4-55 (2d ed. 1980).
One of the underpinnings of this facet of the law is that
under United States Supreme Court precedent, the major
requirement of the penalty phase of a trial is that the sentence
be individualized by focusing on the particularized
characteristics of the defendant. See Eddings v. Oklahoma,
455 U.S. 104, 112, 102 S.Ct. 869, 71 L.Ed.2d 1 (1982). In addition,
the United States Supreme Court has recognized the principle
that "punishment should be directly related to the personal
culpability of the criminal defendant. If the sentencer is to
make an individualized assessment of the appropriateness of the
death penalty, evidence about the defendant's background and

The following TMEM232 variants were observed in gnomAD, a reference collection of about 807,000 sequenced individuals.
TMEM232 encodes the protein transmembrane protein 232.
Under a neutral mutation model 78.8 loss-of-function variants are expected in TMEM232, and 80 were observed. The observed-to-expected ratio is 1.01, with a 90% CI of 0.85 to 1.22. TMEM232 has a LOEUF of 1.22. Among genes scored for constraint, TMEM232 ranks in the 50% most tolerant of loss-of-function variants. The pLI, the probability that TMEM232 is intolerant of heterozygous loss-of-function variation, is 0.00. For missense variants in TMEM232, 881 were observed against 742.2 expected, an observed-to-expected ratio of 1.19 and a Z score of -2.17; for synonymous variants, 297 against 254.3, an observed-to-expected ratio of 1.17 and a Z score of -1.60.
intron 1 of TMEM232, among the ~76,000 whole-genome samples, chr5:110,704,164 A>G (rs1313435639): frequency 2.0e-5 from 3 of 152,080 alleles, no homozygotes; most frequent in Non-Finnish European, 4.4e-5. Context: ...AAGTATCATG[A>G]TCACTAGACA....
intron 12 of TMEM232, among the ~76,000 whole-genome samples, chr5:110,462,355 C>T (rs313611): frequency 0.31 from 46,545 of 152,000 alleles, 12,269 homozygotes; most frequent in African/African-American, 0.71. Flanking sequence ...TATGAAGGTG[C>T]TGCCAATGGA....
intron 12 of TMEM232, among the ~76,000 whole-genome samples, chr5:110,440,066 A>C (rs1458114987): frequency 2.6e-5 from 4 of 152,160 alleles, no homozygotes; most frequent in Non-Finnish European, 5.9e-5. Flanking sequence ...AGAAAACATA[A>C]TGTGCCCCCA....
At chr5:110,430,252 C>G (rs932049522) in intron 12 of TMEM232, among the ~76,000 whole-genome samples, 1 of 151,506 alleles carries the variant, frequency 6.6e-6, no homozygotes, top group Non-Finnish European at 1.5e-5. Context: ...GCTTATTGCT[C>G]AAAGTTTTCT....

character is relevant because of the belief, long held by this
society, that defendants who commit criminal acts that are
attributable to a disadvantaged background, or to emotional and
mental problems, may be less culpable than defendants who have
such excuse." (internal quotation omitted) Penry v. Lynaugh,
492 U.S. 302, 319, 109 S.Ct. 2934, 106 L.Ed.2d 256 (1989).
It is not surprising then that many circuit courts of appeals
cases from various circuits have found counsel ineffective for
failing to investigate and present evidence of family history,
character, background and mental deficiencies. See Glenn v.
Tate, 71 F.3d 1204 (6th Cir. 1995) cert. denied 519 U.S. 910,
117 S.Ct. 273, 136 L.Ed.2d 196 (1996) (counsel ineffective for
failing to present evidence of mental history and family
background where evidence was submitted that the crime was not
the product of mental retardation or organic brain disease);